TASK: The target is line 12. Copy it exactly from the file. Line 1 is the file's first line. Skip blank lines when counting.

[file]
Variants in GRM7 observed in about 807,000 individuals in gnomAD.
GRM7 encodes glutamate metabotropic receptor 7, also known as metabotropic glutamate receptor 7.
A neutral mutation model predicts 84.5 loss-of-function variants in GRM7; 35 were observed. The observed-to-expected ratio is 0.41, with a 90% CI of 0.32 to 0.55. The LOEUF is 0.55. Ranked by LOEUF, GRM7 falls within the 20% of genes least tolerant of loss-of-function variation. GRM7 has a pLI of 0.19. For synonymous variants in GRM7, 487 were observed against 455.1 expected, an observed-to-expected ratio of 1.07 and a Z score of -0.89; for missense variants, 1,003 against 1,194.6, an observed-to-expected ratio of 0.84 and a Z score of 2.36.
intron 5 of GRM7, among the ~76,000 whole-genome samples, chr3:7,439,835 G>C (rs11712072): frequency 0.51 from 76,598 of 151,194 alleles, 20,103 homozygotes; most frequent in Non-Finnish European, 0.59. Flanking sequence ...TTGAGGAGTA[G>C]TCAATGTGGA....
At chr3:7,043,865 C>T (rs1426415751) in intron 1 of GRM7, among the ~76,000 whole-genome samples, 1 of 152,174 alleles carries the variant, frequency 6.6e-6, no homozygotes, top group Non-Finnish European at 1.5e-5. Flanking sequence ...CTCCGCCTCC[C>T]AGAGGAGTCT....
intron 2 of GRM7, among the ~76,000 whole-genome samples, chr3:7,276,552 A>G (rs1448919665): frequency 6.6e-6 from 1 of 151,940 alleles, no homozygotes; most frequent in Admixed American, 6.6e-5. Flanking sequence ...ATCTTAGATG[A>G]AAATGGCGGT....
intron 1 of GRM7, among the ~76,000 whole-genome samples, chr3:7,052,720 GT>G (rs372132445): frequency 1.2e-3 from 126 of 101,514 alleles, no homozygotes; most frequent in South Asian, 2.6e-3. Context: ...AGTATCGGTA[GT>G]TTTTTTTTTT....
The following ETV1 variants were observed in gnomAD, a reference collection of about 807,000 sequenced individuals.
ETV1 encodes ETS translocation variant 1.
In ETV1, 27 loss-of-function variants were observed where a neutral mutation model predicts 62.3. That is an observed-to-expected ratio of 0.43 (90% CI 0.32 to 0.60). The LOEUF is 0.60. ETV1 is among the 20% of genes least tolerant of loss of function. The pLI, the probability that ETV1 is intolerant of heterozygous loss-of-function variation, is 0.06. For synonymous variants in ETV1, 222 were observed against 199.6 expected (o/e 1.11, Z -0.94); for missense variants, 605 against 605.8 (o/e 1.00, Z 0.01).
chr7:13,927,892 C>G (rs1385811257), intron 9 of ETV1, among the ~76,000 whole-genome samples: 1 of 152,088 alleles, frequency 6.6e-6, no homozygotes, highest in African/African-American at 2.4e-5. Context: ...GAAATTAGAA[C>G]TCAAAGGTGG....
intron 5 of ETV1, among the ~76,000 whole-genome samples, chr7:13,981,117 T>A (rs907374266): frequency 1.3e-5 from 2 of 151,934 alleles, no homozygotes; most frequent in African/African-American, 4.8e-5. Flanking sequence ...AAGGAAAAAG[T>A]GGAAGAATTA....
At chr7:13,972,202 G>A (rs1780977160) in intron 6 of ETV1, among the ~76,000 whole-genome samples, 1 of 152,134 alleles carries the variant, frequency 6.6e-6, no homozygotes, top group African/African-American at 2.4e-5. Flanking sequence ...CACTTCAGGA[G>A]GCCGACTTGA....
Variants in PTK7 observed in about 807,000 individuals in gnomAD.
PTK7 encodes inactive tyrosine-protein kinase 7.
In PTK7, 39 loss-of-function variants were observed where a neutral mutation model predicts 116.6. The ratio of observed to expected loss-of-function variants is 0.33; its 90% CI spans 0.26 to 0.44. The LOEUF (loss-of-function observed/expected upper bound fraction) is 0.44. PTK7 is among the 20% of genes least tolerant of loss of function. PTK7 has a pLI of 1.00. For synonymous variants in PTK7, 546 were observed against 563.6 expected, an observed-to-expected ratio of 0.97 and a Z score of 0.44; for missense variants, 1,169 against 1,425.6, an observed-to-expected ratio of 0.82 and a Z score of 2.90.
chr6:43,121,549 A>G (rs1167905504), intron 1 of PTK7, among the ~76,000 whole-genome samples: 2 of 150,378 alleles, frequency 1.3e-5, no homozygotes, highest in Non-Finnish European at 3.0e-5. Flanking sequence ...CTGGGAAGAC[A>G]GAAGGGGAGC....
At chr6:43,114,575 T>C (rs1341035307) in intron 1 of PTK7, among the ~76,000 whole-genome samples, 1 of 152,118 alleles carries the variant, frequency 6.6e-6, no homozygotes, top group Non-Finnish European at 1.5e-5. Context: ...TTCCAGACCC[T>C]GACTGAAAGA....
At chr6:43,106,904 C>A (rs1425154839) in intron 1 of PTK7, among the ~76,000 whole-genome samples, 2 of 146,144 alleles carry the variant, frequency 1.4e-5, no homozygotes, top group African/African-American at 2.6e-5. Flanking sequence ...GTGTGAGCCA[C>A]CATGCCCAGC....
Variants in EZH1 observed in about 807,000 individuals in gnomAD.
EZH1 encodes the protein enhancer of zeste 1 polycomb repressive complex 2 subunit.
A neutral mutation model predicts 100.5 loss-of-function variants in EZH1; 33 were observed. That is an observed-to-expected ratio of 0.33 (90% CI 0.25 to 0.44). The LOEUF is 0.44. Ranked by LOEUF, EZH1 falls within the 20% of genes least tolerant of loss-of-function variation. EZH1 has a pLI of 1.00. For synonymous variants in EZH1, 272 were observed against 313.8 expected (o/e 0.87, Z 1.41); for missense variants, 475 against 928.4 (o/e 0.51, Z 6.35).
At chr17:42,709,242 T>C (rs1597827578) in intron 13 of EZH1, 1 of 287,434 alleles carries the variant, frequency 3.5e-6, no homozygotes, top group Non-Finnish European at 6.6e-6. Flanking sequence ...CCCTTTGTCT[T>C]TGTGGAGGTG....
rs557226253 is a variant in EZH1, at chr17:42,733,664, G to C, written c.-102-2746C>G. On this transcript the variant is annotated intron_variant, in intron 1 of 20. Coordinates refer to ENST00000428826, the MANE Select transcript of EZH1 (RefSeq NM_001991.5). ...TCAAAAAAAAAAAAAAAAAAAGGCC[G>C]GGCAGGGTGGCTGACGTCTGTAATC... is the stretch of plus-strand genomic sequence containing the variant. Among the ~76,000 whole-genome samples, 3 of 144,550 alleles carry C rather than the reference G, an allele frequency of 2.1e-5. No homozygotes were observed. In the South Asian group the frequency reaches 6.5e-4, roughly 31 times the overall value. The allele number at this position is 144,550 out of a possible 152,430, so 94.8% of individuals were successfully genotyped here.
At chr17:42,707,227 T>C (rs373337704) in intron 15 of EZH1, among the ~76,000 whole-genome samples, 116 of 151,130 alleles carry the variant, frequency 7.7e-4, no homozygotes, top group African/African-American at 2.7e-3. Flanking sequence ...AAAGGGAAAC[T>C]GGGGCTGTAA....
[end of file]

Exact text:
intron 5 of ETV1, among the ~76,000 whole-genome samples, chr7:13,981,117 T>A (rs907374266): frequency 1.3e-5 from 2 of 151,934 alleles, no homozygotes; most frequent in African/African-American, 4.8e-5. Flanking sequence ...AAGGAAAAAG[T>A]GGAAGAATTA....